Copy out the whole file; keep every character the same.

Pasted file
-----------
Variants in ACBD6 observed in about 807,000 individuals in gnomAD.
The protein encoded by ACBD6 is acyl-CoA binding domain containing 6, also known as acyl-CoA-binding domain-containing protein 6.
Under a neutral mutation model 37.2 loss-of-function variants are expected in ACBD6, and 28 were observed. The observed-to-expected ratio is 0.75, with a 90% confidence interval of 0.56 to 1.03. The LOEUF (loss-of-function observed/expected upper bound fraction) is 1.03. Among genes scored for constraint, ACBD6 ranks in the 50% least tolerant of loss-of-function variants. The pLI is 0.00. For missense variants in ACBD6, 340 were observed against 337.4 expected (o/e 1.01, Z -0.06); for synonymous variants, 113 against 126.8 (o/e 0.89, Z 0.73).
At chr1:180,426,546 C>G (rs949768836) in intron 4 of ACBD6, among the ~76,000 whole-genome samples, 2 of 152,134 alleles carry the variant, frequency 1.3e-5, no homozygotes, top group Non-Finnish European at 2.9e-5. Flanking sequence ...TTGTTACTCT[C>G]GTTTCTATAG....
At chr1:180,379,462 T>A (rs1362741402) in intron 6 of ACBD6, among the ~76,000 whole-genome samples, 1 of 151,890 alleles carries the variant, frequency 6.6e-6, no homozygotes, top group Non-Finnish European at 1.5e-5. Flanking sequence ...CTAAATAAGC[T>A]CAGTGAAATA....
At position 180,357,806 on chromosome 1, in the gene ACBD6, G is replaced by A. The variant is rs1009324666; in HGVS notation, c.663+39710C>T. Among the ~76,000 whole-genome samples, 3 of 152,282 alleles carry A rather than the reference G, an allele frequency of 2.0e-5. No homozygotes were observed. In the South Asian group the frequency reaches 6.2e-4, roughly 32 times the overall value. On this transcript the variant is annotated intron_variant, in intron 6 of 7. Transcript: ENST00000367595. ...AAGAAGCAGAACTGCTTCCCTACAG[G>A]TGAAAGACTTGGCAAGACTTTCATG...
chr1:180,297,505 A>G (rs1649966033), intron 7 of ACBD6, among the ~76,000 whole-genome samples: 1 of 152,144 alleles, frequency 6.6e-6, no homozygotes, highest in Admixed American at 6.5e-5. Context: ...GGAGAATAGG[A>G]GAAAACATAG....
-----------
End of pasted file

Variants in ACBD6 observed in about 807,000 individuals in gnomAD.
The protein encoded by ACBD6 is acyl-CoA binding domain containing 6, also known as acyl-CoA-binding domain-containing protein 6.
Under a neutral mutation model 37.2 loss-of-function variants are expected in ACBD6, and 28 were observed. The observed-to-expected ratio is 0.75, with a 90% confidence interval of 0.56 to 1.03. The LOEUF (loss-of-function observed/expected upper bound fraction) is 1.03. Among genes scored for constraint, ACBD6 ranks in the 50% least tolerant of loss-of-function variants. The pLI is 0.00. For missense variants in ACBD6, 340 were observed against 337.4 expected (o/e 1.01, Z -0.06); for synonymous variants, 113 against 126.8 (o/e 0.89, Z 0.73).
At chr1:180,426,546 C>G (rs949768836) in intron 4 of ACBD6, among the ~76,000 whole-genome samples, 2 of 152,134 alleles carry the variant, frequency 1.3e-5, no homozygotes, top group Non-Finnish European at 2.9e-5. Flanking sequence ...TTGTTACTCT[C>G]GTTTCTATAG....
At chr1:180,379,462 T>A (rs1362741402) in intron 6 of ACBD6, among the ~76,000 whole-genome samples, 1 of 151,890 alleles carries the variant, frequency 6.6e-6, no homozygotes, top group Non-Finnish European at 1.5e-5. Flanking sequence ...CTAAATAAGC[T>A]CAGTGAAATA....
At position 180,357,806 on chromosome 1, in the gene ACBD6, G is replaced by A. The variant is rs1009324666; in HGVS notation, c.663+39710C>T. Among the ~76,000 whole-genome samples, 3 of 152,282 alleles carry A rather than the reference G, an allele frequency of 2.0e-5. No homozygotes were observed. In the South Asian group the frequency reaches 6.2e-4, roughly 32 times the overall value. On this transcript the variant is annotated intron_variant, in intron 6 of 7. Transcript: ENST00000367595. ...AAGAAGCAGAACTGCTTCCCTACAG[G>A]TGAAAGACTTGGCAAGACTTTCATG...
chr1:180,297,505 A>G (rs1649966033), intron 7 of ACBD6, among the ~76,000 whole-genome samples: 1 of 152,144 alleles, frequency 6.6e-6, no homozygotes, highest in Admixed American at 6.5e-5. Context: ...GGAGAATAGG[A>G]GAAAACATAG....